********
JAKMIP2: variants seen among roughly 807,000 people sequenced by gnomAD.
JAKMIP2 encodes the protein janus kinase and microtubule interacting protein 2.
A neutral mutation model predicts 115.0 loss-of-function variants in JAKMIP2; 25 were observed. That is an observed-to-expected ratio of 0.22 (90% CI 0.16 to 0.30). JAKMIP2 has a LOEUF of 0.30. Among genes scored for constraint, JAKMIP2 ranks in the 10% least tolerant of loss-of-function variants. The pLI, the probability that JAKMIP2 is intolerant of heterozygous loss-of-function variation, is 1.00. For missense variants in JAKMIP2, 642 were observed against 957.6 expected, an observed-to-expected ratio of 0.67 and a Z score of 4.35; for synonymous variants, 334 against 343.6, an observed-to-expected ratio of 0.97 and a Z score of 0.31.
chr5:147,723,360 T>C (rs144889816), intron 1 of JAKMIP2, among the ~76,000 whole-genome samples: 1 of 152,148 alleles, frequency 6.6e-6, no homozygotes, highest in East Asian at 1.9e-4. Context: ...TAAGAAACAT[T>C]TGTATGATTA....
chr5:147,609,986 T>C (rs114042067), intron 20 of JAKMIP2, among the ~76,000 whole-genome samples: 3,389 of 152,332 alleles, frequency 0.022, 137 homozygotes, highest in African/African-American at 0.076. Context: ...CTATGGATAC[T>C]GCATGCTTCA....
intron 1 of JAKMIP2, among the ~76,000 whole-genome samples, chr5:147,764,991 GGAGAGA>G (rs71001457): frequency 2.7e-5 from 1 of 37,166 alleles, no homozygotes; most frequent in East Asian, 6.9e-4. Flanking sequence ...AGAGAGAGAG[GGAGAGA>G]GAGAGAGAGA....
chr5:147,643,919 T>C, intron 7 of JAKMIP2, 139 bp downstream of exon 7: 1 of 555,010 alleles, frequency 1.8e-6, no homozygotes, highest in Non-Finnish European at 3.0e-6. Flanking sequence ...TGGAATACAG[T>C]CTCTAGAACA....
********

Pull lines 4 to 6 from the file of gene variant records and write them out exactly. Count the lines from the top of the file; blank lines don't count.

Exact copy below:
chr5:147,723,360 T>C (rs144889816), intron 1 of JAKMIP2, among the ~76,000 whole-genome samples: 1 of 152,148 alleles, frequency 6.6e-6, no homozygotes, highest in East Asian at 1.9e-4. Context: ...TAAGAAACAT[T>C]TGTATGATTA....
chr5:147,609,986 T>C (rs114042067), intron 20 of JAKMIP2, among the ~76,000 whole-genome samples: 3,389 of 152,332 alleles, frequency 0.022, 137 homozygotes, highest in African/African-American at 0.076. Context: ...CTATGGATAC[T>C]GCATGCTTCA....
intron 1 of JAKMIP2, among the ~76,000 whole-genome samples, chr5:147,764,991 GGAGAGA>G (rs71001457): frequency 2.7e-5 from 1 of 37,166 alleles, no homozygotes; most frequent in East Asian, 6.9e-4. Flanking sequence ...AGAGAGAGAG[GGAGAGA>G]GAGAGAGAGA....